Can Financial Incentives Reduce the Baby Gap? Evidence from a Reform in Maternity Leave Benefits

55 Pages Posted: 9 Oct 2017

Date Written: October 2017

Abstract

To assess whether earnings-dependent maternity leave positively impacts fertility and narrows the baby gap between high educated (high earning) and low educated (low earning) women, I exploit a major maternity leave benefit reform in Germany that considerably increases the financial incentives for higher educated and higher earning women to have a child. In particular, I use the large differential changes in maternity leave benefits across education and income groups to estimate the effects on fertility up to 5 years post reform. In addition to demonstrating an up to 22% increase in the fertility of tertiary educated versus low educated women, I find a positive, statistically significant effect of increased benefits on fertility, driven mainly by women at the middle and upper end of the education and income distributions. Overall, the results suggest that earnings-dependent maternity leave benefits, which compensate women commensurate with their opportunity cost of childbearing, could successfully reduce the fertility rate disparity related to mothers' education and earnings.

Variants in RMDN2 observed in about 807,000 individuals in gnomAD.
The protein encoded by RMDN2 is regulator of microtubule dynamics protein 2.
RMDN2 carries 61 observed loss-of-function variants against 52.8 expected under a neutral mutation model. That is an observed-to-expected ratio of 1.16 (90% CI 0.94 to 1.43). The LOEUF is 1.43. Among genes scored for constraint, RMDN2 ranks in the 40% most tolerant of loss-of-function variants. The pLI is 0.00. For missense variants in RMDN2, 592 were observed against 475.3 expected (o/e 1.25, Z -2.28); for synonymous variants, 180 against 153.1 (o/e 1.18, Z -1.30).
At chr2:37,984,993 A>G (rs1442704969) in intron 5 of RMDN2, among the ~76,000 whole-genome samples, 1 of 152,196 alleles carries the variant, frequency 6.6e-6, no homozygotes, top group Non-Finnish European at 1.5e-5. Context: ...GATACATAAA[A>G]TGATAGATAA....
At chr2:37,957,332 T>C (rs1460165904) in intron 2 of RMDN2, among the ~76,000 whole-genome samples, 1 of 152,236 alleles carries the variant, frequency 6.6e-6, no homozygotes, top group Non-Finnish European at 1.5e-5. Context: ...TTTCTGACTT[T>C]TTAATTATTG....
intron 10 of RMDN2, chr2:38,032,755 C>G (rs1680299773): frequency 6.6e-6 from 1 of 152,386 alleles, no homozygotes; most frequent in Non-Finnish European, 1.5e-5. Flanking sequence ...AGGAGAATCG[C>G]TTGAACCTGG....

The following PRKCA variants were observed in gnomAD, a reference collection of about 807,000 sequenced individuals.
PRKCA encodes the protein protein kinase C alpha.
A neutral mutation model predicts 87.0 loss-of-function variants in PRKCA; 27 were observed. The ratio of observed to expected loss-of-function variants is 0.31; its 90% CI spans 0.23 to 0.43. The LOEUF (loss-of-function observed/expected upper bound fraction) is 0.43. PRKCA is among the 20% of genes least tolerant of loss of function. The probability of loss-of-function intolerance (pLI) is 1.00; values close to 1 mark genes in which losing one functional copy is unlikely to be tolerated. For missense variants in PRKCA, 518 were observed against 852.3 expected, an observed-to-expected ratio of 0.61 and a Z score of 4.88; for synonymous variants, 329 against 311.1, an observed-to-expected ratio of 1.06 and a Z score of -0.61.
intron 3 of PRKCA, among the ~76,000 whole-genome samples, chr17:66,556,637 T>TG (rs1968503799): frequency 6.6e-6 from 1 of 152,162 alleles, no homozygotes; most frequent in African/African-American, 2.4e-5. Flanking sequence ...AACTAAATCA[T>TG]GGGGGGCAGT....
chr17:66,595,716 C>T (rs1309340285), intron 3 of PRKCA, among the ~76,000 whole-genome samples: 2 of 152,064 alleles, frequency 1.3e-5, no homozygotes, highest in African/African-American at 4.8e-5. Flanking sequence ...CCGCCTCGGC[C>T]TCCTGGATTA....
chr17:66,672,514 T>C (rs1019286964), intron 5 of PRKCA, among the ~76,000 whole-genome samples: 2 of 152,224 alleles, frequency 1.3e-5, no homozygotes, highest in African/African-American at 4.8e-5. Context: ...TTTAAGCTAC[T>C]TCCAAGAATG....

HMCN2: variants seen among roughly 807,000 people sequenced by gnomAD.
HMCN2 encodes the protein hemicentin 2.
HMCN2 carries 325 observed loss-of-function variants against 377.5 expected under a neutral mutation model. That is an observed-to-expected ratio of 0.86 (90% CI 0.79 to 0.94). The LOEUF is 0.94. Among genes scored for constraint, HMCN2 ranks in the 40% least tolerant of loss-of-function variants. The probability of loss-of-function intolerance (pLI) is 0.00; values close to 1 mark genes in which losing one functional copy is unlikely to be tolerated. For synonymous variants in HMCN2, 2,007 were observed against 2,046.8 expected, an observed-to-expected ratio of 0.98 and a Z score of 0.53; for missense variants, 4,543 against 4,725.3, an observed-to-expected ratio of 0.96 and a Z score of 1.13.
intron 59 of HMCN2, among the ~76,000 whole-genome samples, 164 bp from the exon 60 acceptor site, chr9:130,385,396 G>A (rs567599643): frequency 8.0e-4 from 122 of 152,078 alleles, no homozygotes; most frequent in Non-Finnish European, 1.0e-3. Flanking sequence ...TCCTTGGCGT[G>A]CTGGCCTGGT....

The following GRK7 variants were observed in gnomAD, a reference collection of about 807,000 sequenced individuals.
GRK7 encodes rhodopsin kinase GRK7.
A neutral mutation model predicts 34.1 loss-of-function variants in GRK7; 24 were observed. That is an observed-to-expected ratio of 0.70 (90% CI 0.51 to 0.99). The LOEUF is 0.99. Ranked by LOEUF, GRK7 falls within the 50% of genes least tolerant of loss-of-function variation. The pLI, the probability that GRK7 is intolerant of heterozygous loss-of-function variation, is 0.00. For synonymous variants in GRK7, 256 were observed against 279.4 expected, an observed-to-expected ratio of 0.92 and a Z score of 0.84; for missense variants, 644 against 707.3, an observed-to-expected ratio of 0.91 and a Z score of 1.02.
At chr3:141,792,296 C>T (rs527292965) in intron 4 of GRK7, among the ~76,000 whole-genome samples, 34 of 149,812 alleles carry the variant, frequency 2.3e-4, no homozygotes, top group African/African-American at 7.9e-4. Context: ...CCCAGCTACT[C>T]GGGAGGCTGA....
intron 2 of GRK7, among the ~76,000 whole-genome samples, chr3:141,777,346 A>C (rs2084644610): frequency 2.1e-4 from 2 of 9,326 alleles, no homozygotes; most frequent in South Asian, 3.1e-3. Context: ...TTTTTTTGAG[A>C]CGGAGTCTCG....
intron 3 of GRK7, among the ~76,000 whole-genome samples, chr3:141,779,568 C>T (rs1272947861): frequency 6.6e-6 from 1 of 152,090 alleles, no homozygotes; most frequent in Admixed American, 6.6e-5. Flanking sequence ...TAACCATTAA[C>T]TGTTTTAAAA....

Keywords: Fertility, fertility gaps, paid maternity leave

JEL Classification: J13, J16, J18

Suggested Citation

Raute, Anna, Can Financial Incentives Reduce the Baby Gap? Evidence from a Reform in Maternity Leave Benefits (October 2017). CEPR Discussion Paper No. DP12350, Available at SSRN: https://ssrn.com/abstract=3049906

Anna Raute (Contact Author)

University of Mannheim ( email )

Universitaetsbibliothek Mannheim
Zeitschriftenabteilung
Mannheim, 68131
Germany

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